In the last article we talked about Xreal Air glasses and competitors. They look like sunglasses but when you put them on you can see a giant screen in the air a few feet in front of you, as if you’re sitting in a movie theater.
As promised, Lenovo just formally announced its own AR glasses, Lenovo Legion Glasses, on sale in October for $329. They’re promoted as companions for Lenovo’s portable gaming console but will display a large screen when plugged into other devices or computers, like the other AR glasses.
They are single purpose devices. They can display a big screen for media consumption and gaming. That’s their trick. It’s a good trick. Nothing like them has ever been available before – inexpensive, lightweight, reasonably normal looking.
There’s good news and bad news about what this means for the future of augmented reality.
The good news: that’s great! It’s the state of the art in 2023.
The bad news: that’s the state of the art in 2023.
Companies are spending billions of dollars to add technology to glasses and, well, here we are. Technical breakthroughs will be required to overcome barriers to making smarter glasses. That kind of breakthrough is unpredictable and hard to come by.
Meta is working on next-generation AR glasses, which reportedly won’t appear until 2027. Even though the glasses are four years away, Meta is already scaling back its plans because of cost and technical limitations that can’t yet be overcome.
Google has had too many plans for different glasses, including single purpose glasses that would do on-the-fly translation or provide navigation from Google Maps. Google bailed out of some of those projects and outsourced one of its AR projects to Samsung, which is having no better luck solving the technical problems. Google is quietly incorporating augmented reality into many of its products on phones and has several teams working on various types of AR glasses but there is nothing to suggest that it has any game-changing breakthroughs.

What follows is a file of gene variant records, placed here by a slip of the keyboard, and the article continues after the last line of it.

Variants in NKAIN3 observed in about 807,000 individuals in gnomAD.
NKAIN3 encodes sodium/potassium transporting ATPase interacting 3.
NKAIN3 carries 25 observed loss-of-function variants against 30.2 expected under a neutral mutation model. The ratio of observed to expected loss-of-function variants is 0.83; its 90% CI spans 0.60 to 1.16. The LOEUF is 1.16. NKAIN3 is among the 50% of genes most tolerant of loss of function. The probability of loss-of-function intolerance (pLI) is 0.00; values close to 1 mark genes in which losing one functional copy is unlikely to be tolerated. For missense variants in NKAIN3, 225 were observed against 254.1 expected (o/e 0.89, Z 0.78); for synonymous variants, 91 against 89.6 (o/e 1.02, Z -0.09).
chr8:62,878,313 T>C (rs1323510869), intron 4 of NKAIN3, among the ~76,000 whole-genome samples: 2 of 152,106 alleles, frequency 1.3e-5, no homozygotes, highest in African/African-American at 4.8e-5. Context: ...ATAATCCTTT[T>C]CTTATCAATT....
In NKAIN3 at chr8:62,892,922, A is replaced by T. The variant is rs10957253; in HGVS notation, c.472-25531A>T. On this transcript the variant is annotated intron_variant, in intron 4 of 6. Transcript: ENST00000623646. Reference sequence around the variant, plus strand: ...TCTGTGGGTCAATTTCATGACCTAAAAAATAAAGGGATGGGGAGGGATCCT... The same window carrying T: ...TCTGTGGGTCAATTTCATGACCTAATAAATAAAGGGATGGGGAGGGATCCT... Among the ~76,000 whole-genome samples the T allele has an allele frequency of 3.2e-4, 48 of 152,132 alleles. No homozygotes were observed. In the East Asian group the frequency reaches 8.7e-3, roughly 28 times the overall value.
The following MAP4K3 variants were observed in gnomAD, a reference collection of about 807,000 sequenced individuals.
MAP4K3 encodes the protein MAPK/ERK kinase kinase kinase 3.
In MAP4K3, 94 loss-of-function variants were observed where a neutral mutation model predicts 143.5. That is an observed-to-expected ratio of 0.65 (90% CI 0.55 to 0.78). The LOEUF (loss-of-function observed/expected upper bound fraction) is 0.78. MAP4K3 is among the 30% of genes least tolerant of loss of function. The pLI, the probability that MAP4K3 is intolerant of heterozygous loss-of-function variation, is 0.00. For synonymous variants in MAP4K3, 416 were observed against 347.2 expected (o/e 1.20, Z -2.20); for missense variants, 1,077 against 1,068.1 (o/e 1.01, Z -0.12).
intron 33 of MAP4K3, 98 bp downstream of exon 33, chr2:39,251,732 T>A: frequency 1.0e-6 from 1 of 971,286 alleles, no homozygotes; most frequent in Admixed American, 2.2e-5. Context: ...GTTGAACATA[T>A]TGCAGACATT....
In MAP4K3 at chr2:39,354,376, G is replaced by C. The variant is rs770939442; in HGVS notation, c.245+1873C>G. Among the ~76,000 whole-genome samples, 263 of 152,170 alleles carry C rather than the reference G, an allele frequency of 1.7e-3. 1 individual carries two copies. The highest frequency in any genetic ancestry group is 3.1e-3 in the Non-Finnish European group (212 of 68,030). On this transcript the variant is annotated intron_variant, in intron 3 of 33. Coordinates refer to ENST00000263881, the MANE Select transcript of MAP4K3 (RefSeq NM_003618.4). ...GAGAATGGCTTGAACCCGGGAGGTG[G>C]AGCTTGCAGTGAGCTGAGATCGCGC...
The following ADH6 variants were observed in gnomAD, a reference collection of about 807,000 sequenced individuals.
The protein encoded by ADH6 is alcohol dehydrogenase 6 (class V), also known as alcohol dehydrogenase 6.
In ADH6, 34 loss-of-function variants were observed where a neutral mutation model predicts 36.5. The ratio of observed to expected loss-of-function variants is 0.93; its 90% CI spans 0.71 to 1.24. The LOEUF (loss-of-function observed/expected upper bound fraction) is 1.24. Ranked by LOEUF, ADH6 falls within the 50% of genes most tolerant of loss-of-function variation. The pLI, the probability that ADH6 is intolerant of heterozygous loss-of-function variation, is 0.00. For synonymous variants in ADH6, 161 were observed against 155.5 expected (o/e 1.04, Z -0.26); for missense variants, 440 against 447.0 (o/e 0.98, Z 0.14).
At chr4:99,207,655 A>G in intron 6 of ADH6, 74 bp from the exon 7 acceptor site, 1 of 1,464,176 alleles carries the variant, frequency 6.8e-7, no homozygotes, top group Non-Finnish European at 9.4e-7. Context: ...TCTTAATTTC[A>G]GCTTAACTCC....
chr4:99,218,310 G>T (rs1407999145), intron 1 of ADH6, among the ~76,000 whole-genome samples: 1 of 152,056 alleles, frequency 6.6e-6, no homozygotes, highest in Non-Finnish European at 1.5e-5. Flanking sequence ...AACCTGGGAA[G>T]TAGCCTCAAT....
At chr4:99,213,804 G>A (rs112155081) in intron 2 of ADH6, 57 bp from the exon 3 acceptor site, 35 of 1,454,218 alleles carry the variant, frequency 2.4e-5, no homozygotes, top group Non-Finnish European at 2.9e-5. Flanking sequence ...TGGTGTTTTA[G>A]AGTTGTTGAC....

None of these projects display the type of augmented reality that will change the world. We are barely advancing on that long road. True AR will require location awareness and object tags. At the moment there is no way to pack glasses with the required processing power, cameras and sensors, battery, and lenses. Like, no way, can’t be done no matter how much money is thrown at the problem.
Two quick examples of what that means.
Did you see the movie Free Guy? Ryan Reynolds is walking down the street in the above picture, seeing AR signs on the buildings that say “Courthouse” and “Hospital.” Those signs will only appear when our glasses are aware of their location and the location of the things around them.
We have a dream that a sign will appear over people’s heads to remind us of their name. Put aside the privacy issues (there are big privacy issues). Those signs will only appear when our glasses can obtain information about objects around us that are moving around – like people.
Location awareness and object tags, miniaturization to fit glasses – these are hard problems. They are the hardest computer science and engineering problems we’ve ever faced.
When we get those glasses (or contact lenses or nanobots or whatever), the world will change.
It’s a long road. We won’t be there for, who knows, ten years? Twenty years?
In the meantime, think about watching a movie on a big screen with some high-tech glasses. You can do that today.